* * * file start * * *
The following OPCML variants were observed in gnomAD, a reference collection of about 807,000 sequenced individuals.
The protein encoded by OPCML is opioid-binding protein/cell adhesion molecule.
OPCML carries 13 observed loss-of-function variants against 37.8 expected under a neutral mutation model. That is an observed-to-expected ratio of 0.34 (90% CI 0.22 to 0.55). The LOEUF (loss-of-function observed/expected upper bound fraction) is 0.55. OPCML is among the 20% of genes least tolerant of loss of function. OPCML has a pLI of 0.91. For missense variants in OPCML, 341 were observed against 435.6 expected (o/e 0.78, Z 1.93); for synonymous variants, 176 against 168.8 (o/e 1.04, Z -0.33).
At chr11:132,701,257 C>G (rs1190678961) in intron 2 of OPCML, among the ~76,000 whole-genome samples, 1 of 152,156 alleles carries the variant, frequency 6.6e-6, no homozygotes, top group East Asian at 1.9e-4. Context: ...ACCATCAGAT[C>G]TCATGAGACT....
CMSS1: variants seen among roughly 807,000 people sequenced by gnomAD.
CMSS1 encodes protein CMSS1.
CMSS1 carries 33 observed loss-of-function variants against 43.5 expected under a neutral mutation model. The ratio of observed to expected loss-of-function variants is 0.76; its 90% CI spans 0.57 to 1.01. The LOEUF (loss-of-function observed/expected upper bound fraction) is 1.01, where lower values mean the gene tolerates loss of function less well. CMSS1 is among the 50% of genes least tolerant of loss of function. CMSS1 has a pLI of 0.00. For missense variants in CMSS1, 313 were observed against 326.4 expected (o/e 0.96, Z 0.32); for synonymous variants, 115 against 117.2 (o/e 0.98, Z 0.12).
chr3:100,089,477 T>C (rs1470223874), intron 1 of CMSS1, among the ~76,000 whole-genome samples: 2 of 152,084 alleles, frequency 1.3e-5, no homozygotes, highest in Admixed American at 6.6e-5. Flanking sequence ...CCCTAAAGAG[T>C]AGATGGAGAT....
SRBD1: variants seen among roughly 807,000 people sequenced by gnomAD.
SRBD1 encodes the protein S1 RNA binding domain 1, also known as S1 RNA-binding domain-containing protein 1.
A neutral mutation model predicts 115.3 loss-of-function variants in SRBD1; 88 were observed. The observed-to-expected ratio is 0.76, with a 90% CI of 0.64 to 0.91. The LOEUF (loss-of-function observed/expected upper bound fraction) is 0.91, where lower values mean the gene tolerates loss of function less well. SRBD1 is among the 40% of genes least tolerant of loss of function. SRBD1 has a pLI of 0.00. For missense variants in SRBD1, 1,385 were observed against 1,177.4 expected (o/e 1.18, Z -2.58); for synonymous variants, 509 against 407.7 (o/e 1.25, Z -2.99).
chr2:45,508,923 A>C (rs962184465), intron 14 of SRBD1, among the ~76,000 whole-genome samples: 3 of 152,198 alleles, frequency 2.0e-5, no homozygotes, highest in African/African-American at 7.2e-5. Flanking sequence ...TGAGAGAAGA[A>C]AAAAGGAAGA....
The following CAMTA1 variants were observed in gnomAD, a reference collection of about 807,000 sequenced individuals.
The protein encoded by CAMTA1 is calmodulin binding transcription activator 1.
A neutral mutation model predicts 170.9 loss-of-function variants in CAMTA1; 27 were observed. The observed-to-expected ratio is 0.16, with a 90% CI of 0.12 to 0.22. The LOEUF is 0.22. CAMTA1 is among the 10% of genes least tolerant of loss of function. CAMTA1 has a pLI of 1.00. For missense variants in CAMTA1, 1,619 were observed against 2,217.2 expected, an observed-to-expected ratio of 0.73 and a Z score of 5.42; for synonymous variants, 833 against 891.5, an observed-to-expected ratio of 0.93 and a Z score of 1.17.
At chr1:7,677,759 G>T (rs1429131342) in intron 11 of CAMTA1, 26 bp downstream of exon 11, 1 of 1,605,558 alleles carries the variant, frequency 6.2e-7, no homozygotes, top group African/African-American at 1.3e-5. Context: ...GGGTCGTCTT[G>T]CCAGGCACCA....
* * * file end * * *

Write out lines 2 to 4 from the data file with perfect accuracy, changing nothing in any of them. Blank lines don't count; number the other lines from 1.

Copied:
The protein encoded by OPCML is opioid-binding protein/cell adhesion molecule.
OPCML carries 13 observed loss-of-function variants against 37.8 expected under a neutral mutation model. That is an observed-to-expected ratio of 0.34 (90% CI 0.22 to 0.55). The LOEUF (loss-of-function observed/expected upper bound fraction) is 0.55. OPCML is among the 20% of genes least tolerant of loss of function. OPCML has a pLI of 0.91. For missense variants in OPCML, 341 were observed against 435.6 expected (o/e 0.78, Z 1.93); for synonymous variants, 176 against 168.8 (o/e 1.04, Z -0.33).
At chr11:132,701,257 C>G (rs1190678961) in intron 2 of OPCML, among the ~76,000 whole-genome samples, 1 of 152,156 alleles carries the variant, frequency 6.6e-6, no homozygotes, top group East Asian at 1.9e-4. Context: ...ACCATCAGAT[C>G]TCATGAGACT....